Acute pain management – Foreword
I prefaced the first edition of the South African acute pain guidelines by stating that “acute pain management is not a luxury, it is a human right!” Six years have passed and the statement is still pertinent.
The World Federation of Societies of Anaesthesiologists and the International Association for the Study of Pain have both identified the fact that pain is badly managed in all parts of the world, but that attention needs to be given to pain management in developing countries. It has become evident that acute pain management must be the starting point for educational initiatives. Chronic pain can only be addressed when the management of acute pain is effected.
Anaesthesiologists predominantly treat acute postoperative pain. Records of their success have been documented, but it has been demonstrated in only a few studies that alleviating this form of pain is effective. The classic Apfelbaum study of 2003 revealed that in the period 1995–2003, very little progress was made in managing pain. Approximately 80% of all surgical patients experienced moderate to extreme pain following their surgery. Reports from the recent European PAIN OUT Symposium 2014 were also not encouraging as it was revealed that 40% of patients experienced severe postoperative pain, and almost 50% of patients wished that they had received better pain therapy. Is this acceptable today? I believe not. This fact merely serves to demonstrate that the need identified by the two world bodies exists! We need to focus our attention on the management of acute pain, as the effective treatment of acute pain must become a fundamental component of quality patient care.
Is the relief of acute pain the only outcome that we need to assess when managing postoperative patients? The very simple answer to this question is: “No”. Unrelieved pain has other consequences besides patient satisfaction. Adverse physiological and psychological effects may result from unrelieved severe acute pain. The effective treatment of postoperative pain may reduce the incidence of postoperative morbidity and facilitate earlier discharge from hospital. Furthermore, the successful treatment of postoperative pain reduces the incidence of chronic pain. It can be concluded that there are physiological, psychological and economic reasons to ensure that patients receive effective acute pain therapy.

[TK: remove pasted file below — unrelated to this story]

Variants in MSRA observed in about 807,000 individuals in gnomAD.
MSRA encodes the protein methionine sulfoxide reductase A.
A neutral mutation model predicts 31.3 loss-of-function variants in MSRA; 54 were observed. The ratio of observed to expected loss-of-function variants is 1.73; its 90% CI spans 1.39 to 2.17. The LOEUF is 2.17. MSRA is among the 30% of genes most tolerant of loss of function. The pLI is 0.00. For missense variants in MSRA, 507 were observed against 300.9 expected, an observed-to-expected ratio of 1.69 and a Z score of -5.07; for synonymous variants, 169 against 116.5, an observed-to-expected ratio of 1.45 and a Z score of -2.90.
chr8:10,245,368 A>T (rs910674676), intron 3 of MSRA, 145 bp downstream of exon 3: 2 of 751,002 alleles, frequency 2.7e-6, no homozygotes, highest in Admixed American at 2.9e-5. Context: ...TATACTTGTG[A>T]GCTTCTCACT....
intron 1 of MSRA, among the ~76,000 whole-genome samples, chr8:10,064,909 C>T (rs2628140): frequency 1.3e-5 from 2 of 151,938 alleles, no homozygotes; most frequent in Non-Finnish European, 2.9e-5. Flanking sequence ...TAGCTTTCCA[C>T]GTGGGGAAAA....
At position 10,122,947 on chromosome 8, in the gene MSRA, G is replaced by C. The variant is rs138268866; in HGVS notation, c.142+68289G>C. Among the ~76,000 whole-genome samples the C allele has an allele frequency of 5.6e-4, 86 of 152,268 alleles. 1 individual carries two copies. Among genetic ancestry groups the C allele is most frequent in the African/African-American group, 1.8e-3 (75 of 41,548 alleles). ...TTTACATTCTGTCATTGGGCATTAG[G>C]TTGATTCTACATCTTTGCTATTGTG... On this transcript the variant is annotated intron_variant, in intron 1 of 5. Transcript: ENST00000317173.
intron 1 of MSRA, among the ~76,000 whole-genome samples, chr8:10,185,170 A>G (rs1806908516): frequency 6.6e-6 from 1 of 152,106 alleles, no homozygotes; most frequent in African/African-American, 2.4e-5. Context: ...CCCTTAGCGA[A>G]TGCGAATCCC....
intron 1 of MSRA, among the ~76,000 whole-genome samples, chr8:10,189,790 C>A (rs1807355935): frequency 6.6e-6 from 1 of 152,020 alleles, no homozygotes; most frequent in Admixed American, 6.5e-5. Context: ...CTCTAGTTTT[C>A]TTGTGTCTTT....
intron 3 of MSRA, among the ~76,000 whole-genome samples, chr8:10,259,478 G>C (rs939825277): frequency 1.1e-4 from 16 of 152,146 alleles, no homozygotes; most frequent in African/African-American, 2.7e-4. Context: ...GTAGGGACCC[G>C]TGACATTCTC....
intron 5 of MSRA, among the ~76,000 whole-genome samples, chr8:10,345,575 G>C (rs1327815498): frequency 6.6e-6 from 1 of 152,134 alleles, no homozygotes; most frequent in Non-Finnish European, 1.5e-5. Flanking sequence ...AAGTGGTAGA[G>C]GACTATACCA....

If acute pain management is a priority, then it follows that educational initiatives must form part of the overall plan. This guideline forms an integral part of the initiative as it serves as a reference to all practitioners who manage acute pain. The guideline not only provides factual medical information, but also deals with non-medical issues, such as patient education. The authors focus on how analgesia, its role in recovery and rehabilitation, and other available nonpharmacological options can improve acute pain management.
As stated in the first edition of the guideline, this document must be considered an aid to any healthcare professional managing acute pain, rather than a “recommended” regimen. The individual practitioner must evaluate the patient and adapt any of the suggestions according to the medical condition or American Society of Anesthesiologists status of that particular patient.
I concluded the first foreword by stating, “It is hoped that by using the information provided in this publication there will be meaningful bene t for both the medical professional and the patient”. Six years later, I can proudly state that the use of this guideline will provide meaningful bene t to both medical practitioners and patients.
Dr Milton Raff
Chairperson: World Federation of Societies of Anaesthesiologists Pain Relief Committee